Mr Noon University Press
A novelist has his winners in the stable, but what happens to those that go lame and never finish the course? There is the semi-mystery of a short novel, Mr Noon, which D.H. Lawrence began in 1920 following The Lost Girl, The White Peacock, The Rainbow, and Sons and Lovers: it seems he was alternating with work on Aaron’s Rod. But Mr Noon was put aside by Lawrence or rejected by publishers and was not published until 1934, four years after his death, in a left-over collection of stories called A Modern Lover and, in 1968, in the collection of other pieces in Phoenix II.
No great mystery so far. But Frieda Lawrence was sure she had seen the manuscript of a second part to the Noon story, which Lawrence thought of calling “Lucky Noon.” And indeed she had. It seems that Lawrence’s American publisher had passed the manuscript and typescript of this second part to a nephew in payment of a debt and that they were sold to one Urling Iselin in 1936. They remained in that family’s possession until purchased at auction by the University of Texas. For fifty years Mr Noon (part two) was unknown. Hard luck on Lawrence: he had written Mr Noon when he was desperately short of money.
Noon is an unpromising name: there is a suggestion of No One—the Mister kills the suggestion of an invention. We are in for perhaps a pastiche of the sentimental comedy of “a little man,” a story that might have been done more competently by best-selling realists like Arnold Bennett or H.G. Wells in the Twenties. (Lawrence disliked the condescending realism of Bennett’s provincial novels.) He saw Mr Noon as a popular money-making serial, dwelling on “Life’s little ironies” and possibly running to three parts. But publishers were frightened of him by now. The Rainbow had been suppressed in 1915 under the British obscenity laws of the time; he was liable to write the unprintable sentence about sex and love. Even in Mr Noon (part one) he felt the call to introduce a jaunty set piece on “spooning” and cuddling in provincial back alleys or in allotment gardens after chapel on moonless Sunday nights: girls known to be hot on “spooning” sometimes got pregnant or said they were, young men were “caught” and had either to marry them or to go to ingenious lengths to avoid the trap. The chapel did not forgive.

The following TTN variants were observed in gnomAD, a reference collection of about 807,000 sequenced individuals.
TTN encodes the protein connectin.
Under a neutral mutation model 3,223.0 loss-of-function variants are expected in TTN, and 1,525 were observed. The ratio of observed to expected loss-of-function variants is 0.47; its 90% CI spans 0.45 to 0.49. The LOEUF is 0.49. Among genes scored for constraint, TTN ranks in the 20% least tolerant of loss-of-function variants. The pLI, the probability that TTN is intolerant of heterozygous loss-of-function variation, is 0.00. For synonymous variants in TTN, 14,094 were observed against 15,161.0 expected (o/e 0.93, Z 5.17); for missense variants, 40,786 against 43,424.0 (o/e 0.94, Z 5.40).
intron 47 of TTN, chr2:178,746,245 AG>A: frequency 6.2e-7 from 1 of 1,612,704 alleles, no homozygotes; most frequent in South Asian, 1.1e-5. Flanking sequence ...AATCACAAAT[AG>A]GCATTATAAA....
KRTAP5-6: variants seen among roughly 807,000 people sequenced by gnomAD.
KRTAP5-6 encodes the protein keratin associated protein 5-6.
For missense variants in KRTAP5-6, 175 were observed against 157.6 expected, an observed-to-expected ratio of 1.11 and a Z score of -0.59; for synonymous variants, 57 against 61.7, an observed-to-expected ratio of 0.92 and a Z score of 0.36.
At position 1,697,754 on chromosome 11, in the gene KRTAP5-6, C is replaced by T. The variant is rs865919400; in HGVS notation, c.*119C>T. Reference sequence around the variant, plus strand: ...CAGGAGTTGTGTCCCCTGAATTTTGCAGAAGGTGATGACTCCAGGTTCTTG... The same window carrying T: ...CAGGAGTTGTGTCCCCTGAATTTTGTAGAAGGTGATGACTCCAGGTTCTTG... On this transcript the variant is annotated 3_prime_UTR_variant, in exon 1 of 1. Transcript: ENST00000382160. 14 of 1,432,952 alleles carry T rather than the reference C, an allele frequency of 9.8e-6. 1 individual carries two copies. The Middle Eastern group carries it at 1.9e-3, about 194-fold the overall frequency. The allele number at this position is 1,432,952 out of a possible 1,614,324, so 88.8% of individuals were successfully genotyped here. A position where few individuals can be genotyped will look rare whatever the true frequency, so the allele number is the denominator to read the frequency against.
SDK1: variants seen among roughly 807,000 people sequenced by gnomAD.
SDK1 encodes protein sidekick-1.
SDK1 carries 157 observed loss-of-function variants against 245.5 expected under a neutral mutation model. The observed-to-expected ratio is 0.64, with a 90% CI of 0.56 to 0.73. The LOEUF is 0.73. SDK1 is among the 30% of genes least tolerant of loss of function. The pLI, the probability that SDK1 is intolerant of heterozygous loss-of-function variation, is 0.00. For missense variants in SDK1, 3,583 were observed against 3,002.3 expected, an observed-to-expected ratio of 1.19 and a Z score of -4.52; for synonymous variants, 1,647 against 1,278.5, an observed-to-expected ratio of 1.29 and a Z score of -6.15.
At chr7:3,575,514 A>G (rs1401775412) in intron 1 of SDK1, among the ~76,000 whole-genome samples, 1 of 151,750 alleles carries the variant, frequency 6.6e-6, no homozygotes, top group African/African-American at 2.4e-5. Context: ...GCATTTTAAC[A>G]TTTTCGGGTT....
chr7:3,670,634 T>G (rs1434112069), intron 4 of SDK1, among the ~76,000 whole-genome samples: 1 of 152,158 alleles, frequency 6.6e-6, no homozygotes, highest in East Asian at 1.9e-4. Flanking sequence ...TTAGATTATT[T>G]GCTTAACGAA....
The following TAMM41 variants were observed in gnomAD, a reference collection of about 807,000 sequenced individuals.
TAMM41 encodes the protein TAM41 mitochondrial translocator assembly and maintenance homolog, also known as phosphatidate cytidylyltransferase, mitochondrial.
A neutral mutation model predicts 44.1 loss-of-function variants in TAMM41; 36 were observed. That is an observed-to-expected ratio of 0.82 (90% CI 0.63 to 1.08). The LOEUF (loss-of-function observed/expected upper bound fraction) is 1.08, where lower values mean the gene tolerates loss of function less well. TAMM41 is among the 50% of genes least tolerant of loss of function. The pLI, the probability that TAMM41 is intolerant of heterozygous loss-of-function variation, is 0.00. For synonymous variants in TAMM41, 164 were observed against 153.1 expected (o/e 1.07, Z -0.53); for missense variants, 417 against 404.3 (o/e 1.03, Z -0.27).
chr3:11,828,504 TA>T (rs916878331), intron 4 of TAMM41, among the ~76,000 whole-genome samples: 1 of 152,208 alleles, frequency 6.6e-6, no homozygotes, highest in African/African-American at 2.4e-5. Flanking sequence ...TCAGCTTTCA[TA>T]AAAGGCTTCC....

In fact Mr. Noon was lucky: his girl was a collector of engagement rings, and although he was marked down as her seducer by her raging father and lost his job as a schoolteacher, she did not choose him. She opted for a respectable bank clerk who, she said, was one of nature’s born husbands. She rejected the clever boy of the town, a mathematician who had won a scholarship to Trinity College, Cambridge (no less), and whose German was good. So Mr. Noon was …
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